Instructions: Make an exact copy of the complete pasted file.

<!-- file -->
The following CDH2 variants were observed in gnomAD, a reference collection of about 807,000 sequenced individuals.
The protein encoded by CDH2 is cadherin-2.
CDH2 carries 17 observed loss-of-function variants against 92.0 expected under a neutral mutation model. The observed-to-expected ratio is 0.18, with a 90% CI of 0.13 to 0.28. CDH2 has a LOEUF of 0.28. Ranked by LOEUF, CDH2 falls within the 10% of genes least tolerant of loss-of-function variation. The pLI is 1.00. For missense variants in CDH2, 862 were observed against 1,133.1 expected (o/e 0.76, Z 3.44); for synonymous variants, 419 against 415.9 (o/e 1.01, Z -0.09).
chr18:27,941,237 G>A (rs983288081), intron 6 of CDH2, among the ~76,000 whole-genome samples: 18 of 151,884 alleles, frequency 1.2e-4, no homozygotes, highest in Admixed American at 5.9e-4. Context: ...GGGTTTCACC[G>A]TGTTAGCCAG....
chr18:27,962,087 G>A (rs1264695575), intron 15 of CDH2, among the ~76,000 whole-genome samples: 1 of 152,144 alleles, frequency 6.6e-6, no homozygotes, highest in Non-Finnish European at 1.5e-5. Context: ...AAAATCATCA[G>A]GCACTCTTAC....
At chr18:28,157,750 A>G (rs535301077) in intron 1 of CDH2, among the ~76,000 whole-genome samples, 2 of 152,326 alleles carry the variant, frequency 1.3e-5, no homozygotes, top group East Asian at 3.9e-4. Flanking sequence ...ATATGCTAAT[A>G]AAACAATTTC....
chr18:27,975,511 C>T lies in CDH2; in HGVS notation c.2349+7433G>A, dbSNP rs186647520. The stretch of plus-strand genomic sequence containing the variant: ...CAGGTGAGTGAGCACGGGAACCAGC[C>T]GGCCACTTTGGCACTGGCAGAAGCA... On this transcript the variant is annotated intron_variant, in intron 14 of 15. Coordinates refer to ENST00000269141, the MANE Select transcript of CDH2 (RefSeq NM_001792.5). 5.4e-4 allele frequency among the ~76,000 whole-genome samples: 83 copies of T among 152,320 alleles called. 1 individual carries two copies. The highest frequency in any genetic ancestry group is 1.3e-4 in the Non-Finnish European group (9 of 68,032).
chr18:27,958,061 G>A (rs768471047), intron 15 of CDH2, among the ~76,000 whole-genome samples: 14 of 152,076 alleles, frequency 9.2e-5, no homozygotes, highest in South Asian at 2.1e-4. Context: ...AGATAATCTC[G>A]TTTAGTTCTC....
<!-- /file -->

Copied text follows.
The following CDH2 variants were observed in gnomAD, a reference collection of about 807,000 sequenced individuals.
The protein encoded by CDH2 is cadherin-2.
CDH2 carries 17 observed loss-of-function variants against 92.0 expected under a neutral mutation model. The observed-to-expected ratio is 0.18, with a 90% CI of 0.13 to 0.28. CDH2 has a LOEUF of 0.28. Ranked by LOEUF, CDH2 falls within the 10% of genes least tolerant of loss-of-function variation. The pLI is 1.00. For missense variants in CDH2, 862 were observed against 1,133.1 expected (o/e 0.76, Z 3.44); for synonymous variants, 419 against 415.9 (o/e 1.01, Z -0.09).
chr18:27,941,237 G>A (rs983288081), intron 6 of CDH2, among the ~76,000 whole-genome samples: 18 of 151,884 alleles, frequency 1.2e-4, no homozygotes, highest in Admixed American at 5.9e-4. Context: ...GGGTTTCACC[G>A]TGTTAGCCAG....
chr18:27,962,087 G>A (rs1264695575), intron 15 of CDH2, among the ~76,000 whole-genome samples: 1 of 152,144 alleles, frequency 6.6e-6, no homozygotes, highest in Non-Finnish European at 1.5e-5. Context: ...AAAATCATCA[G>A]GCACTCTTAC....
At chr18:28,157,750 A>G (rs535301077) in intron 1 of CDH2, among the ~76,000 whole-genome samples, 2 of 152,326 alleles carry the variant, frequency 1.3e-5, no homozygotes, top group East Asian at 3.9e-4. Flanking sequence ...ATATGCTAAT[A>G]AAACAATTTC....
chr18:27,975,511 C>T lies in CDH2; in HGVS notation c.2349+7433G>A, dbSNP rs186647520. The stretch of plus-strand genomic sequence containing the variant: ...CAGGTGAGTGAGCACGGGAACCAGC[C>T]GGCCACTTTGGCACTGGCAGAAGCA... On this transcript the variant is annotated intron_variant, in intron 14 of 15. Coordinates refer to ENST00000269141, the MANE Select transcript of CDH2 (RefSeq NM_001792.5). 5.4e-4 allele frequency among the ~76,000 whole-genome samples: 83 copies of T among 152,320 alleles called. 1 individual carries two copies. The highest frequency in any genetic ancestry group is 1.3e-4 in the Non-Finnish European group (9 of 68,032).
chr18:27,958,061 G>A (rs768471047), intron 15 of CDH2, among the ~76,000 whole-genome samples: 14 of 152,076 alleles, frequency 9.2e-5, no homozygotes, highest in South Asian at 2.1e-4. Context: ...AGATAATCTC[G>A]TTTAGTTCTC....